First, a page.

Uromastyx is a genus of African and Asian agamid lizards, the member species of which are commonly called spiny-tailed lizards, uromastyces, mastigures, or dabb lizards. Lizards in the genus Uromastyx are primarily herbivorous, but occasionally eat insects and other small animals, especially young lizards. They spend most of their waking hours basking in the sun, hiding in underground chambers at daytime or when danger appears. They tend to establish themselves in hilly, rocky areas with good shelter and accessible vegetation.
|Egyptian spiny-tailed lizard (Uromastyx aegyptia)|
The generic name (Uromastyx) is derived from the Ancient Greek words ourá (οὐρά) meaning "tail" and -mastix (μάστιξ) meaning "whip" or "scourge", after the thick-spiked tail characteristic of all Uromastyx species.
- Uromastyx acanthinura Bell, 1825 – Bell's dabb lizard
- Uromastyx aegyptia (Forskål, 1775) – Egyptian mastigure, Leptien's mastigure
- Uromastyx alfredschmidti Wilms & Böhme, 2001 – Schmidt's mastigure
- Uromastyx benti (Anderson, 1894) – Bent's mastigure
- Uromastyx dispar Heyden, 1827 – Sudan mastigure
- Uromastyx geyri (L. Müller, 1922) – Saharan spiny-tailed lizard
- Uromastyx macfadyeni Parker, 1932 – Macfadyen's mastigure
- Uromastyx nigriventris Rothschild & Hartert, 1912
- Uromastyx occidentalis Mateo, Geniez, Lopez-Jurado & Bons, 1999 – giant spiny-tailed lizard
- Uromastyx ocellata Lichtenstein, 1823 – eyed dabb lizard
- Uromastyx ornata Heyden, 1827 – ornate mastigure
- Uromastyx princeps O’Shaughnessy, 1880 – princely mastigure
- Uromastyx thomasi Parker, 1930 – Oman spiny-tailed lizard
- Uromastyx yemenensis Wilms & Schmitz, 2007 – Yemen spiny-tailed lizard
Their size ranges from 25 cm (10 in) (U. macfadyeni) to 91 cm (36 in) or more (U. aegyptia). Hatchlings or neonates are usually no more than 7–10 cm (3–4 in) in length. Like many reptiles, these lizards' colors change according to the temperature; during cool weather they appear dull and dark but the colors become lighter in warm weather, especially when basking; the darker pigmentation allows their skin to absorb sunlight more effectively.
Their spiked tail is muscular and heavy, and can be swung at an attacker with great velocity, usually accompanied by hissing and an open-mouthed display of (small) teeth. Uromastyxs generally sleep in their burrows with their tails closest to the opening, in order to thwart intruders.
Uromastyx inhabit a range stretching through most of North and Northeast Africa, the Middle East, ranging as far east as Iran. Species found further east are now placed in the genus Saara. Uromastyx occur at elevations from sea level to well over 900 m (3,000 ft). They are regularly eaten, and sold in produce markets, by local peoples. Uromastyx tend to bask in areas with surface temperatures of over 50 °C (120 °F).
A female Uromastyx can lay anywhere from 5 to 40 eggs, depending on age and species. Eggs are laid approximately 30 days following copulation with an incubation time of 70–80 days. The neonates weigh 4–6 g (0.14–0.21 oz) and are about 5 cm (2 in) snout to vent length. They rapidly gain weight during the first few weeks following hatching.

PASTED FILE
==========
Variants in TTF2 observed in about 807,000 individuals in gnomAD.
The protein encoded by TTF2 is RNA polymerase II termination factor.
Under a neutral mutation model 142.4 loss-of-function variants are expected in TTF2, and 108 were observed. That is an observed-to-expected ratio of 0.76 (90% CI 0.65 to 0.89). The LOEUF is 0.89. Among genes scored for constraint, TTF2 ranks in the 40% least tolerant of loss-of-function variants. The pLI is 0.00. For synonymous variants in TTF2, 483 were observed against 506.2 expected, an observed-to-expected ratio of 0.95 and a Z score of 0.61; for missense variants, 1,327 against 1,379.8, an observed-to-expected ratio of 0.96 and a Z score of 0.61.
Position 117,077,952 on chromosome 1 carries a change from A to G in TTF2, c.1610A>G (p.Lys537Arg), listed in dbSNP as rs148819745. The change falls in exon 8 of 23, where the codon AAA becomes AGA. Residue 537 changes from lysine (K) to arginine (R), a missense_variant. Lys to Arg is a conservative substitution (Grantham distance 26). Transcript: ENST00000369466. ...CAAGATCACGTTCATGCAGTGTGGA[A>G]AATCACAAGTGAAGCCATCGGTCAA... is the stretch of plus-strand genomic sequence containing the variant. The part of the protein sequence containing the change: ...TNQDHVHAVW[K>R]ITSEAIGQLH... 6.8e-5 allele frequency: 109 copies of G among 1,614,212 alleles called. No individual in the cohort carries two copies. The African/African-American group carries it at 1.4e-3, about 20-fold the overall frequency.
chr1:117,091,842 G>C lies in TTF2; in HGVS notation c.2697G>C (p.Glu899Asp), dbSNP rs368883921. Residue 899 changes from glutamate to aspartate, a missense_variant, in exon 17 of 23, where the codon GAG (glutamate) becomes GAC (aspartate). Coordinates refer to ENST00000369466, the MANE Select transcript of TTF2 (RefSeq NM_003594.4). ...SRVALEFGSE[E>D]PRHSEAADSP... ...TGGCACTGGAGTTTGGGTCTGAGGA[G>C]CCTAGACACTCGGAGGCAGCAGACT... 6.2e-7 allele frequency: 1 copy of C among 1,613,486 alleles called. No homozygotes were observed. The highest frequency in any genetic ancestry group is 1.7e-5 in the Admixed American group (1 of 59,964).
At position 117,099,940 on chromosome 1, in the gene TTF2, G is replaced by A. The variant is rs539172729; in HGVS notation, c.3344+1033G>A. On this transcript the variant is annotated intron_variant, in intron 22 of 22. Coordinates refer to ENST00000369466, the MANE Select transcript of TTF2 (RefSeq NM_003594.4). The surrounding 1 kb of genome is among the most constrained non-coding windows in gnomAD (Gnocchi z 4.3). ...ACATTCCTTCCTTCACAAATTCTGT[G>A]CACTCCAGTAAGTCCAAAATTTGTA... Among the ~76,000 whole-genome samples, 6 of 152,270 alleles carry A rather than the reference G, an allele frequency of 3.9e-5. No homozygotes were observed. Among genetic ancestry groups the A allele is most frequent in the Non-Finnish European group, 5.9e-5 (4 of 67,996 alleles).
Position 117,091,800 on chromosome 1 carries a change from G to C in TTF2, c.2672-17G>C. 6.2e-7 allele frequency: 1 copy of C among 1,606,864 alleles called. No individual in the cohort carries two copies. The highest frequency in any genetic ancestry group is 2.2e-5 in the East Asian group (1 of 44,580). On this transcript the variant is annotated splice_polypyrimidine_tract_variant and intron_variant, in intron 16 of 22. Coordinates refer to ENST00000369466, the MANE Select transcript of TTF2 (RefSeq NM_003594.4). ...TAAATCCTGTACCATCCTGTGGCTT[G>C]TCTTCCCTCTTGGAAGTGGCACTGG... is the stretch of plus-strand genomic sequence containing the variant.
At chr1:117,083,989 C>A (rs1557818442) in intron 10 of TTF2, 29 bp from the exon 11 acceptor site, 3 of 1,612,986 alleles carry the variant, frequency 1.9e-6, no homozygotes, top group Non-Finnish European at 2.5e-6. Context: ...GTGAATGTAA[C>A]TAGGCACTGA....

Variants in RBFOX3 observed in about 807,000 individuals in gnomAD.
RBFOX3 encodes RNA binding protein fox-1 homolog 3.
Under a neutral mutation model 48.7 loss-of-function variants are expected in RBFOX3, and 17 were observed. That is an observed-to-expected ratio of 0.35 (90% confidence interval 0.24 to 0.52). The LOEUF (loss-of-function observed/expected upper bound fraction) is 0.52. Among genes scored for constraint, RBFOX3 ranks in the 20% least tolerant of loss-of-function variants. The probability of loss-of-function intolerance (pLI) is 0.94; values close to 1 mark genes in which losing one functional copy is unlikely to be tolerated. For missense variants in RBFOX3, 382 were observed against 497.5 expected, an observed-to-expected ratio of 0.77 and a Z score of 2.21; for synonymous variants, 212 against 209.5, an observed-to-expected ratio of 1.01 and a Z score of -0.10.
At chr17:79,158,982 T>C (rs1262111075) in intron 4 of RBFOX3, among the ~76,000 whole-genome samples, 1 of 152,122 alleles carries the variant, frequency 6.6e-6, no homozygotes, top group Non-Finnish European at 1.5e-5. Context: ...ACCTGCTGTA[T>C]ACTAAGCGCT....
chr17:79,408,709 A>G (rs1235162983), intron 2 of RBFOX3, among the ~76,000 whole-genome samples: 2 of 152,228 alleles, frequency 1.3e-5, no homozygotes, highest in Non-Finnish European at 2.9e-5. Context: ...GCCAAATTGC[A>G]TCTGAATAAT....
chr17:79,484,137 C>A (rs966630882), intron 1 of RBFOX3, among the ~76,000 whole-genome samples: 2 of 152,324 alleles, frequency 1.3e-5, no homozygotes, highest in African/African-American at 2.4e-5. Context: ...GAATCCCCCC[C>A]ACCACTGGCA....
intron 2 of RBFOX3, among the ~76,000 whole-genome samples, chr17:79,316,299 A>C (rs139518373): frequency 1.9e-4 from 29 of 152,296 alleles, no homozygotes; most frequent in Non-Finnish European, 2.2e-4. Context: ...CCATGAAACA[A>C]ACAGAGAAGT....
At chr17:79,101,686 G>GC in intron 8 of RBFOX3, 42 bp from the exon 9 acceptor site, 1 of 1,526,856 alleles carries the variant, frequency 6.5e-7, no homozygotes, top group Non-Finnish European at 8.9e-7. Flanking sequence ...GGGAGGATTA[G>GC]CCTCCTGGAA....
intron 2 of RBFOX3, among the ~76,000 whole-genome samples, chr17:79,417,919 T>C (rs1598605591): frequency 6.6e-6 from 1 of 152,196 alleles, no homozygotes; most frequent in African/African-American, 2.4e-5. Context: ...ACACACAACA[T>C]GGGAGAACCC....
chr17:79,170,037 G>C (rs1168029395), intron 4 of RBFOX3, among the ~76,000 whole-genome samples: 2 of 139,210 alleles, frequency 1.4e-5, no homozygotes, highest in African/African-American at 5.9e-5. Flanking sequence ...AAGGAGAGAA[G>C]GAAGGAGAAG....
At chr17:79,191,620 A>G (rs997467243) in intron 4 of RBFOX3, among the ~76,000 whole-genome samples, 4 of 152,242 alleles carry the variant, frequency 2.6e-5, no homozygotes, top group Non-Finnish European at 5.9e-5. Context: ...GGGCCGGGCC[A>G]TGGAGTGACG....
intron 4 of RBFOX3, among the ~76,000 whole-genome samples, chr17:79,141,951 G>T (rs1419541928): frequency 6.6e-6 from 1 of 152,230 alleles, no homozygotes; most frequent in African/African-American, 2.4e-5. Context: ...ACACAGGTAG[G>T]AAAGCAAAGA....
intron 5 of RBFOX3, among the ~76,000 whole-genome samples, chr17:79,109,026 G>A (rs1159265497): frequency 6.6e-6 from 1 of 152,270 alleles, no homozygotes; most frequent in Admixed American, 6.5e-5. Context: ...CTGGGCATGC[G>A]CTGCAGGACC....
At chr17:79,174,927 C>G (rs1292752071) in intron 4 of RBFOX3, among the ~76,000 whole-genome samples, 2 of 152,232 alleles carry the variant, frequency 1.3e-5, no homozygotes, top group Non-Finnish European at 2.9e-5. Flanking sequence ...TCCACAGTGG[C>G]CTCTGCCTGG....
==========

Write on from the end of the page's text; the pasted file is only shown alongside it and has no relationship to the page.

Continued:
A field study in Algeria concluded that Moroccan spiny-tailed lizards add approximately 5 cm (2 in) of total growth each year until around the age of 8–9 years.
Wild female uromastyx are smaller and less colorful than males. For example, U. (dispar) maliensis females are often light tan with black dorsal spots, while males are mostly bright yellow with mottled black markings. Females also tend to have shorter claws. In captivity female U. (dispar) maliensis tend to mimic males in color. Maliensis are, therefore, reputably difficult to breed in captivity.
These lizards acquire most of the water they need from the vegetation they ingest. Giving a Uromastyx a water bowl can lead to higher humidity in the cage and can cause problems for the animal.
Captive uromastyxs' diets should be largely herbivorous, consisting primarily of endive, dandelion greens, bok choy, escarole, and most ground growing vegetables with little to no sugar, or of course an appropriate type of store-bought vegetarian lizard food. Some lettuces have almost no nutritive value. The lighter, whiter lettuce is not as nutritionally effective as the darker green lettuce. It is very important to avoid spinach, chard and flowering kale in the diets of all reptiles, since the oxalates in spinach prevent the uptake of calcium into the bloodstream. However, a special UVB bulb must be used in order for them to absorb the calcium from the gut. They can consume de-thorned cacti with their powerful jaws, especially if they need water. The lizards' food can be dusted with a calcium and a uromastyx designed supplement to help prevent health problems. While young uromastyx, like young iguanas, do eat some insects in order to gain access to the added nutrients while they are rapidly growing, the high levels of protein may cause liver damage in adults. These animals are primarily herbivores, as stated above, and so it's generally felt that they should only be fed plant matter. In the wild, adult Malis have been reported to eat insects at certain times of the year, when it is hot and their only food source available would be insects.